According to abbreviationfinder, CD stands for cartilage damage. Cartilage damage is a joint disease that occurs in different joints in the body. Depending on how severely the respective cartilage is damaged and what kind of cartilage it is, a painless restoration of the cartilage function can be achieved with a suitable therapy.
What is cartilage damage?
Poor posture such as so-called bowlegs or knock knees can lead to damage to the cartilage layer due to the permanent incorrect strain. The same also applies to severe obesity, which puts undue stress on the joints when walking.
As the name suggests, cartilage damage means damage to the cartilage. The bones meet in the joints.
So that there is no unpleasant friction, the ends of the bones are covered with what is known as cartilage tissue. This can absorb shock when walking and thus protect the bones or the joint. If this layer wears away, for example due to illness or wear and tear, the smooth movement of the joint is restricted.
There is also pain, which only occurs when the cartilage tissue has been completely destroyed. Knee and hip joints are particularly frequently affected. If detected early, the cartilage can be regenerated by medical measures. Once the layer has been completely removed, it can no longer be restored.
The causes of cartilage damage can be varied. Experts distinguish between mechanical and biochemical causes. The former may be the result of an accident or other injury, for example.
Even a severe sprain can lead to cartilage damage. Poor posture such as so-called bowlegs or knock knees can lead to damage to the cartilage layer due to the permanent incorrect strain. The same also applies to severe obesity, which puts undue stress on the joints when walking.
The biochemical causes of cartilage damage include metabolic diseases. Illnesses such as gout, rheumatism or circulatory disorders can permanently damage the cartilage layer. Finally, age-related calcification can also cause the cartilage to gradually degrade.
Symptoms, Ailments & Signs
Cartilage damage manifests itself primarily through pain when walking and general stress on the affected joint. The pain can lead to a blockage of the joint, which in turn results in restricted movement. In isolated cases, swelling occurs as a result of bleeding or fluid accumulation in the tissue.
The pain only occurs at the beginning after extensive strain on the joint. In particular, when running, climbing stairs and walking, complaints occur, which usually lead to a protective posture. Many sufferers complain of pain, especially in the morning and after sitting for a long time. The so-called start -up pain is accompanied by a noticeable crunching or cracking of the damaged joints.
A long-lasting misalignment can lead to joint wear, pressure points, nerve pain and other complaints. Some sufferers are also sensitive to the weather. Untreated cartilage damage can lead to the development of chronic pain. This is usually accompanied by a strong feeling of discomfort.
Athletes in particular suffer from severe cartilage damage and feel restricted in their quality of life. In the long term, this can lead to the development of psychological complaints, such as depressive moods, irritability and personality changes. If the cartilage damage is treated early, the symptoms usually subside after a few weeks.
Diagnosis & History
If there is a suspicion of cartilage damage, this is usually diagnosed by the doctor treating you using an X-ray examination. This can already provide information about a degenerative change in the cartilage tissue. An MRT, a magnetic resonance tomography, can be used to help determine the extent to which the cartilage has already been damaged and what the chances of recovery are.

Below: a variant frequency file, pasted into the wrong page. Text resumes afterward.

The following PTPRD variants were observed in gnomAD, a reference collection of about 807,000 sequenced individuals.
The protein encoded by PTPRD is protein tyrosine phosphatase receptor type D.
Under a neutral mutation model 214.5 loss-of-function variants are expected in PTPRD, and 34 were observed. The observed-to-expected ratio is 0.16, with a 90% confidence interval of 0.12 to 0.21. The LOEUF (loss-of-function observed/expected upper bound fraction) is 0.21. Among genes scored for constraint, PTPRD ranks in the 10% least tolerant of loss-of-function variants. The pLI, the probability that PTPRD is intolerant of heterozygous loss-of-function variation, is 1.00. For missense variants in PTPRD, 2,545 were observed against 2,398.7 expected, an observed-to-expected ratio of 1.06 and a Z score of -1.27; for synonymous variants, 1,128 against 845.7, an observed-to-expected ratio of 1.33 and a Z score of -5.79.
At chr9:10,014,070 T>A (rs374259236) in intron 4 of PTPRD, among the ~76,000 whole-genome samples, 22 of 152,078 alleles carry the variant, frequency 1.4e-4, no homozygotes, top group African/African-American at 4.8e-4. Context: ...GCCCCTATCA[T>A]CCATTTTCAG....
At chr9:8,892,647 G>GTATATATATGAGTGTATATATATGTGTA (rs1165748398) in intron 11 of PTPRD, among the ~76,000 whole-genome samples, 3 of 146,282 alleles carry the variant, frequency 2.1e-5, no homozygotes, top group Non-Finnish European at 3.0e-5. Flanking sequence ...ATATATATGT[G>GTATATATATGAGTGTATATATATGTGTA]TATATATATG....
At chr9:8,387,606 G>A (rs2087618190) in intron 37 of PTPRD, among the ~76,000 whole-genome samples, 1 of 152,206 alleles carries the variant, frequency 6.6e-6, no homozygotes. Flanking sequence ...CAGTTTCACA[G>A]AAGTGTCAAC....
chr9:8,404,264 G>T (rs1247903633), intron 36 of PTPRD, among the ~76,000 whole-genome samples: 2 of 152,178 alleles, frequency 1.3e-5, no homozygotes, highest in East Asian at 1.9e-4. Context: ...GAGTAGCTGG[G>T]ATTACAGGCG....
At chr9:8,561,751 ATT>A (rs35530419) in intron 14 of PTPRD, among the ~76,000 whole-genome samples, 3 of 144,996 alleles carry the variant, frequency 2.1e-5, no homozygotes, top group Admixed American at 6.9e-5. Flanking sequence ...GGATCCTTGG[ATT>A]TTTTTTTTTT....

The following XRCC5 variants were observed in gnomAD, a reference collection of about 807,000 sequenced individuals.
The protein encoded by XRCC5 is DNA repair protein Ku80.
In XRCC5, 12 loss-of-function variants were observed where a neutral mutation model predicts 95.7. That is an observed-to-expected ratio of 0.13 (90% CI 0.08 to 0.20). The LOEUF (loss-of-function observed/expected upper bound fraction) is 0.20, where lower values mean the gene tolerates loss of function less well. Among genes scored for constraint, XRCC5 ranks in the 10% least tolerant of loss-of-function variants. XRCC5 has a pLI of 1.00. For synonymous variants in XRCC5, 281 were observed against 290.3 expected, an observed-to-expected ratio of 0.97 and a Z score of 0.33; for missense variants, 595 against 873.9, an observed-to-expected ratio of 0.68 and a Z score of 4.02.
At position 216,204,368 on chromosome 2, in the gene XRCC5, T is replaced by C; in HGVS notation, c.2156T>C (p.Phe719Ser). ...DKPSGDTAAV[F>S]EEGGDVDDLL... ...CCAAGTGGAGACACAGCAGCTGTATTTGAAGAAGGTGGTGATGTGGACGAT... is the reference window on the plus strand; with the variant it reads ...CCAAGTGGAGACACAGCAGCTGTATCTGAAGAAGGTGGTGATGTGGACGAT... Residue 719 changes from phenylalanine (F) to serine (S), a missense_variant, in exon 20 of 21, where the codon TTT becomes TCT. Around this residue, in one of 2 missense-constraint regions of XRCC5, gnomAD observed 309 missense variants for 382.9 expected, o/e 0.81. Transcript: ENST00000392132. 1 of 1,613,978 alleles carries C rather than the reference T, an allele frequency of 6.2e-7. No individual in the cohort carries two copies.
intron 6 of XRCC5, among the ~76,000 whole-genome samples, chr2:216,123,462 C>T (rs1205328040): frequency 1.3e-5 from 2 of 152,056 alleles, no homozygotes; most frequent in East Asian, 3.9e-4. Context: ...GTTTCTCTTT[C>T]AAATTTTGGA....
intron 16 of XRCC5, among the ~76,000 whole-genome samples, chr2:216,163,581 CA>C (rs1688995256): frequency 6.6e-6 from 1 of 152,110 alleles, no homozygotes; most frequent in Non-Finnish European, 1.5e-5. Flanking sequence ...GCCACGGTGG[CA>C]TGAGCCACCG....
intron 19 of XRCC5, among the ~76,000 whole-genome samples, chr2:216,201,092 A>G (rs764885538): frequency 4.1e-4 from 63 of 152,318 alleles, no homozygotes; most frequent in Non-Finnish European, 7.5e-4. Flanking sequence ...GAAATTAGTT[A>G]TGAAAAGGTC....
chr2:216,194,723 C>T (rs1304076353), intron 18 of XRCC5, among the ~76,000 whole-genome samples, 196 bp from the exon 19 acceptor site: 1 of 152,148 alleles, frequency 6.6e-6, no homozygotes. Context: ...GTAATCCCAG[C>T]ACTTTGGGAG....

In principle, cartilage damage can be treated well medically; however, it depends on the stage of the damage. If the disease is detected early, there is a good chance that the cartilage layer can regenerate almost completely. However, once they have completely degraded, there is no way to recover them.
In the case of cartilage damage, the further course of the disease in most cases depends very much on the affected region of the body, so that no general prediction is possible. Most patients suffer from severe joint pain due to cartilage damage. This pain can significantly restrict the patient’s everyday life and reduce the quality of life.
Furthermore, there are also restrictions on movement and general restrictions in everyday life. It is not uncommon for swelling or bruising to occur. If the cartilage damage is not treated, osteoarthritis develops in most cases. This can lead to irreversible consequential damage.
In most cases, cartilage damage is treated with medication. There are no further complications. In some cases, however, an operation is necessary to remedy the symptoms. If necessary, the patient must take antibiotics after the procedure to prevent inflammation.
In most cases, life expectancy is not reduced or limited by this disease. After the treatment, the affected person can usually use the joints normally again.
When should you go to the doctor?
People who experience joint pain after a sprain or related to a medical condition should see a doctor the same day. Symptoms such as restricted movement, swelling and bruising indicate cartilage damage. Medical advice is required if the symptoms do not go away on their own or even get worse. If other symptoms develop, a doctor must be called immediately. Cartilage damage can be treated well, but it also progresses quickly and causes increasing pain.
Before irreversible consequential damage occurs, the injury must be clarified and treated. Individuals suffering from bow legs or knock knees are particularly at risk. The same applies to people who are overweight, have a rheumatic disease, gout or circulatory disorders. If you are part of this risk group, it is best to inform your doctor about the symptoms mentioned. At the latest when painful swellings or restrictions in the mobility of the affected part of the body are noticed, a visit to the family doctor is indicated. Other contact points are the orthopedist or a specialist in joint and bone diseases.